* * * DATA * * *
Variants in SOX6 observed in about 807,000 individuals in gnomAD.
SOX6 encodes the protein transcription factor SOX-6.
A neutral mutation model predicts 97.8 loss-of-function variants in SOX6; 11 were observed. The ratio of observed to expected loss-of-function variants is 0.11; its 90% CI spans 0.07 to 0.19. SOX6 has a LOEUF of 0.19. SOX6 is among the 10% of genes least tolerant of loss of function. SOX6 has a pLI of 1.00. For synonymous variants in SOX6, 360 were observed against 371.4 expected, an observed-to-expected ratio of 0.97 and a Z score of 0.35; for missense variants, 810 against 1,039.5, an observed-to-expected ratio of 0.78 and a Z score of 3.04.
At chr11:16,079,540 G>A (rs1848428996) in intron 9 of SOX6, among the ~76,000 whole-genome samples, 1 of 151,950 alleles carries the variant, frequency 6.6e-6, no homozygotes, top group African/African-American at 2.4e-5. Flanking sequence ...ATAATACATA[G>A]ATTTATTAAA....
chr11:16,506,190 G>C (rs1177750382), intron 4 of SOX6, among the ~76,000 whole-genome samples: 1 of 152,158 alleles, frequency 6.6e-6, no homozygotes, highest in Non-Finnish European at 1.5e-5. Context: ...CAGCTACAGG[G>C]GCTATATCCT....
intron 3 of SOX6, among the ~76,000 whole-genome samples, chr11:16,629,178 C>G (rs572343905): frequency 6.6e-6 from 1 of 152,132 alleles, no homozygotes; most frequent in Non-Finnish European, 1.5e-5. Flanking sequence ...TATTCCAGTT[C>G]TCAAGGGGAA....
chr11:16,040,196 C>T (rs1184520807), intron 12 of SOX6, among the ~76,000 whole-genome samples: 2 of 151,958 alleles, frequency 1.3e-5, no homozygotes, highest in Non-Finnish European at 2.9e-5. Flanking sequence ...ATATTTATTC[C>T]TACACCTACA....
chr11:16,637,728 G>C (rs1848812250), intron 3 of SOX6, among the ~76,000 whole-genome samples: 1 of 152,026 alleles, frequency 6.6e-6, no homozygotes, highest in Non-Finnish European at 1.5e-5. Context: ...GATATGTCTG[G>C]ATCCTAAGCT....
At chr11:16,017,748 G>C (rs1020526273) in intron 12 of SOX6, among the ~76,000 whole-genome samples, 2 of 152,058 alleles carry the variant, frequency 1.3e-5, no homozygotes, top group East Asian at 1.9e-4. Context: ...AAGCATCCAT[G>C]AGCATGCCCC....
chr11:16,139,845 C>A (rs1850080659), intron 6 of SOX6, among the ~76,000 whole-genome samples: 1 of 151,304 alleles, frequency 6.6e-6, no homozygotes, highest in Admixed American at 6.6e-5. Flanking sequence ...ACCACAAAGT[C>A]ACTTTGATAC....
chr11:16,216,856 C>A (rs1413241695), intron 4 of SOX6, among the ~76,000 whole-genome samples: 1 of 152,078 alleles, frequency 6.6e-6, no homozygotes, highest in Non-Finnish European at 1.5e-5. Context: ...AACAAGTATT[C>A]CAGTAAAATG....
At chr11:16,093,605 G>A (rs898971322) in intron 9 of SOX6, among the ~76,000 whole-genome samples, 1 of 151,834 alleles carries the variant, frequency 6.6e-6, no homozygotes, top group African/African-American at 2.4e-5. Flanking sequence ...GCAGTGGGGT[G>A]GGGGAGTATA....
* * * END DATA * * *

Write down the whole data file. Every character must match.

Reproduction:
Variants in SOX6 observed in about 807,000 individuals in gnomAD.
SOX6 encodes the protein transcription factor SOX-6.
A neutral mutation model predicts 97.8 loss-of-function variants in SOX6; 11 were observed. The ratio of observed to expected loss-of-function variants is 0.11; its 90% CI spans 0.07 to 0.19. SOX6 has a LOEUF of 0.19. SOX6 is among the 10% of genes least tolerant of loss of function. SOX6 has a pLI of 1.00. For synonymous variants in SOX6, 360 were observed against 371.4 expected, an observed-to-expected ratio of 0.97 and a Z score of 0.35; for missense variants, 810 against 1,039.5, an observed-to-expected ratio of 0.78 and a Z score of 3.04.
At chr11:16,079,540 G>A (rs1848428996) in intron 9 of SOX6, among the ~76,000 whole-genome samples, 1 of 151,950 alleles carries the variant, frequency 6.6e-6, no homozygotes, top group African/African-American at 2.4e-5. Flanking sequence ...ATAATACATA[G>A]ATTTATTAAA....
chr11:16,506,190 G>C (rs1177750382), intron 4 of SOX6, among the ~76,000 whole-genome samples: 1 of 152,158 alleles, frequency 6.6e-6, no homozygotes, highest in Non-Finnish European at 1.5e-5. Context: ...CAGCTACAGG[G>C]GCTATATCCT....
intron 3 of SOX6, among the ~76,000 whole-genome samples, chr11:16,629,178 C>G (rs572343905): frequency 6.6e-6 from 1 of 152,132 alleles, no homozygotes; most frequent in Non-Finnish European, 1.5e-5. Flanking sequence ...TATTCCAGTT[C>G]TCAAGGGGAA....
chr11:16,040,196 C>T (rs1184520807), intron 12 of SOX6, among the ~76,000 whole-genome samples: 2 of 151,958 alleles, frequency 1.3e-5, no homozygotes, highest in Non-Finnish European at 2.9e-5. Flanking sequence ...ATATTTATTC[C>T]TACACCTACA....
chr11:16,637,728 G>C (rs1848812250), intron 3 of SOX6, among the ~76,000 whole-genome samples: 1 of 152,026 alleles, frequency 6.6e-6, no homozygotes, highest in Non-Finnish European at 1.5e-5. Context: ...GATATGTCTG[G>C]ATCCTAAGCT....
At chr11:16,017,748 G>C (rs1020526273) in intron 12 of SOX6, among the ~76,000 whole-genome samples, 2 of 152,058 alleles carry the variant, frequency 1.3e-5, no homozygotes, top group East Asian at 1.9e-4. Context: ...AAGCATCCAT[G>C]AGCATGCCCC....
chr11:16,139,845 C>A (rs1850080659), intron 6 of SOX6, among the ~76,000 whole-genome samples: 1 of 151,304 alleles, frequency 6.6e-6, no homozygotes, highest in Admixed American at 6.6e-5. Flanking sequence ...ACCACAAAGT[C>A]ACTTTGATAC....
chr11:16,216,856 C>A (rs1413241695), intron 4 of SOX6, among the ~76,000 whole-genome samples: 1 of 152,078 alleles, frequency 6.6e-6, no homozygotes, highest in Non-Finnish European at 1.5e-5. Context: ...AACAAGTATT[C>A]CAGTAAAATG....
At chr11:16,093,605 G>A (rs898971322) in intron 9 of SOX6, among the ~76,000 whole-genome samples, 1 of 151,834 alleles carries the variant, frequency 6.6e-6, no homozygotes, top group African/African-American at 2.4e-5. Flanking sequence ...GCAGTGGGGT[G>A]GGGGAGTATA....